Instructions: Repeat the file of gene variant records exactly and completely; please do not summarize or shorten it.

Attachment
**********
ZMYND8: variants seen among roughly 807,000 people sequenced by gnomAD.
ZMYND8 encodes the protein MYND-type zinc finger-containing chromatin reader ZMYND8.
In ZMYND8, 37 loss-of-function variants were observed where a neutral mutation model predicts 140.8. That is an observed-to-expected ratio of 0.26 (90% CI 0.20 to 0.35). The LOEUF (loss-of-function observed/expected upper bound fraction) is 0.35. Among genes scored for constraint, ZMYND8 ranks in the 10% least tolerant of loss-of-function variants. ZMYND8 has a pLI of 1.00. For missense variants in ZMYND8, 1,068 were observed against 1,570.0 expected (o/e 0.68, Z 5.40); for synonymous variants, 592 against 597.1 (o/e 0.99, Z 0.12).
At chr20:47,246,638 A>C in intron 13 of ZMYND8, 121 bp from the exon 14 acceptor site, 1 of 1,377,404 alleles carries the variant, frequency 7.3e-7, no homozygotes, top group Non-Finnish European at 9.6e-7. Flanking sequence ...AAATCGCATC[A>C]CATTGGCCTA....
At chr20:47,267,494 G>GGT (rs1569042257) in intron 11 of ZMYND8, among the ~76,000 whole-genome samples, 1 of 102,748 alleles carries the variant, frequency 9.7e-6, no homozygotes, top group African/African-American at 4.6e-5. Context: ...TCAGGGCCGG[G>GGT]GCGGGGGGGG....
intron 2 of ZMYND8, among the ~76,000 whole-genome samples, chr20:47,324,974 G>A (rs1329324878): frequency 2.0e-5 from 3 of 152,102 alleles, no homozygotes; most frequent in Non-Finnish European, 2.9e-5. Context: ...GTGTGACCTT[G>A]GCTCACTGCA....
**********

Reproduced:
ZMYND8: variants seen among roughly 807,000 people sequenced by gnomAD.
ZMYND8 encodes the protein MYND-type zinc finger-containing chromatin reader ZMYND8.
In ZMYND8, 37 loss-of-function variants were observed where a neutral mutation model predicts 140.8. That is an observed-to-expected ratio of 0.26 (90% CI 0.20 to 0.35). The LOEUF (loss-of-function observed/expected upper bound fraction) is 0.35. Among genes scored for constraint, ZMYND8 ranks in the 10% least tolerant of loss-of-function variants. ZMYND8 has a pLI of 1.00. For missense variants in ZMYND8, 1,068 were observed against 1,570.0 expected (o/e 0.68, Z 5.40); for synonymous variants, 592 against 597.1 (o/e 0.99, Z 0.12).
At chr20:47,246,638 A>C in intron 13 of ZMYND8, 121 bp from the exon 14 acceptor site, 1 of 1,377,404 alleles carries the variant, frequency 7.3e-7, no homozygotes, top group Non-Finnish European at 9.6e-7. Flanking sequence ...AAATCGCATC[A>C]CATTGGCCTA....
At chr20:47,267,494 G>GGT (rs1569042257) in intron 11 of ZMYND8, among the ~76,000 whole-genome samples, 1 of 102,748 alleles carries the variant, frequency 9.7e-6, no homozygotes, top group African/African-American at 4.6e-5. Context: ...TCAGGGCCGG[G>GGT]GCGGGGGGGG....
intron 2 of ZMYND8, among the ~76,000 whole-genome samples, chr20:47,324,974 G>A (rs1329324878): frequency 2.0e-5 from 3 of 152,102 alleles, no homozygotes; most frequent in Non-Finnish European, 2.9e-5. Context: ...GTGTGACCTT[G>A]GCTCACTGCA....